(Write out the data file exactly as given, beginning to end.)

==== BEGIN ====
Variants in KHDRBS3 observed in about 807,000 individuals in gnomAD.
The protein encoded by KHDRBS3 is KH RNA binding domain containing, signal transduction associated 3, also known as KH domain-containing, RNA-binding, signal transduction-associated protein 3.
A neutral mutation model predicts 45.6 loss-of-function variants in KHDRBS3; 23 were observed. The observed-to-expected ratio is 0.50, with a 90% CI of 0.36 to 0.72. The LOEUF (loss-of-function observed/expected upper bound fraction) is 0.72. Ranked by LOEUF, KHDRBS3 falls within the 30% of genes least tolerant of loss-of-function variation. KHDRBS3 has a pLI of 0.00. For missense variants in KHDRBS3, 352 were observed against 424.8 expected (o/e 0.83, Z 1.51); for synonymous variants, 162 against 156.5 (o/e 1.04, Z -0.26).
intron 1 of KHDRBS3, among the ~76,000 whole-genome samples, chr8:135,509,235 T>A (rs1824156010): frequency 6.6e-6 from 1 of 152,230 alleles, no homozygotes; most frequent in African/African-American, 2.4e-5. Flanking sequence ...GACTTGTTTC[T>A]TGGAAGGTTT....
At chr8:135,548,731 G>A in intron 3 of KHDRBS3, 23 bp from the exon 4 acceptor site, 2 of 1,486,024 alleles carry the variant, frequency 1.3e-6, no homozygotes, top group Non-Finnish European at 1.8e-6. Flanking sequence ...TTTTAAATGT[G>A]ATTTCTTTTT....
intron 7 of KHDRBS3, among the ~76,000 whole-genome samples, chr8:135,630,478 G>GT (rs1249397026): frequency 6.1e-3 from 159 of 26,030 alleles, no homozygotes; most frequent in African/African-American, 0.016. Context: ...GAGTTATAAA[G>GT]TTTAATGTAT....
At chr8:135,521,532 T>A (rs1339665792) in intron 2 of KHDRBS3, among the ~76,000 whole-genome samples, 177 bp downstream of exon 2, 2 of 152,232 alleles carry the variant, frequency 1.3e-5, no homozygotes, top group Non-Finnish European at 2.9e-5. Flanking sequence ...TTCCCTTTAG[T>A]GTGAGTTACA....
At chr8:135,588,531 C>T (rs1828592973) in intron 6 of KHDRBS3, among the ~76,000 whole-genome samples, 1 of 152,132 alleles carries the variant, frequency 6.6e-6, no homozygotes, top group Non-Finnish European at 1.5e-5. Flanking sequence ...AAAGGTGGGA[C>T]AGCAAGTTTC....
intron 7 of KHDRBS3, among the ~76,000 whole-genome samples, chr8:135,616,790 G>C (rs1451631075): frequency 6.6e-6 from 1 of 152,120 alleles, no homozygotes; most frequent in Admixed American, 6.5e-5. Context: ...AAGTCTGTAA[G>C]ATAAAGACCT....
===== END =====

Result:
Variants in KHDRBS3 observed in about 807,000 individuals in gnomAD.
The protein encoded by KHDRBS3 is KH RNA binding domain containing, signal transduction associated 3, also known as KH domain-containing, RNA-binding, signal transduction-associated protein 3.
A neutral mutation model predicts 45.6 loss-of-function variants in KHDRBS3; 23 were observed. The observed-to-expected ratio is 0.50, with a 90% CI of 0.36 to 0.72. The LOEUF (loss-of-function observed/expected upper bound fraction) is 0.72. Ranked by LOEUF, KHDRBS3 falls within the 30% of genes least tolerant of loss-of-function variation. KHDRBS3 has a pLI of 0.00. For missense variants in KHDRBS3, 352 were observed against 424.8 expected (o/e 0.83, Z 1.51); for synonymous variants, 162 against 156.5 (o/e 1.04, Z -0.26).
intron 1 of KHDRBS3, among the ~76,000 whole-genome samples, chr8:135,509,235 T>A (rs1824156010): frequency 6.6e-6 from 1 of 152,230 alleles, no homozygotes; most frequent in African/African-American, 2.4e-5. Flanking sequence ...GACTTGTTTC[T>A]TGGAAGGTTT....
At chr8:135,548,731 G>A in intron 3 of KHDRBS3, 23 bp from the exon 4 acceptor site, 2 of 1,486,024 alleles carry the variant, frequency 1.3e-6, no homozygotes, top group Non-Finnish European at 1.8e-6. Flanking sequence ...TTTTAAATGT[G>A]ATTTCTTTTT....
intron 7 of KHDRBS3, among the ~76,000 whole-genome samples, chr8:135,630,478 G>GT (rs1249397026): frequency 6.1e-3 from 159 of 26,030 alleles, no homozygotes; most frequent in African/African-American, 0.016. Context: ...GAGTTATAAA[G>GT]TTTAATGTAT....
At chr8:135,521,532 T>A (rs1339665792) in intron 2 of KHDRBS3, among the ~76,000 whole-genome samples, 177 bp downstream of exon 2, 2 of 152,232 alleles carry the variant, frequency 1.3e-5, no homozygotes, top group Non-Finnish European at 2.9e-5. Flanking sequence ...TTCCCTTTAG[T>A]GTGAGTTACA....
At chr8:135,588,531 C>T (rs1828592973) in intron 6 of KHDRBS3, among the ~76,000 whole-genome samples, 1 of 152,132 alleles carries the variant, frequency 6.6e-6, no homozygotes, top group Non-Finnish European at 1.5e-5. Flanking sequence ...AAAGGTGGGA[C>T]AGCAAGTTTC....
intron 7 of KHDRBS3, among the ~76,000 whole-genome samples, chr8:135,616,790 G>C (rs1451631075): frequency 6.6e-6 from 1 of 152,120 alleles, no homozygotes; most frequent in Admixed American, 6.5e-5. Context: ...AAGTCTGTAA[G>C]ATAAAGACCT....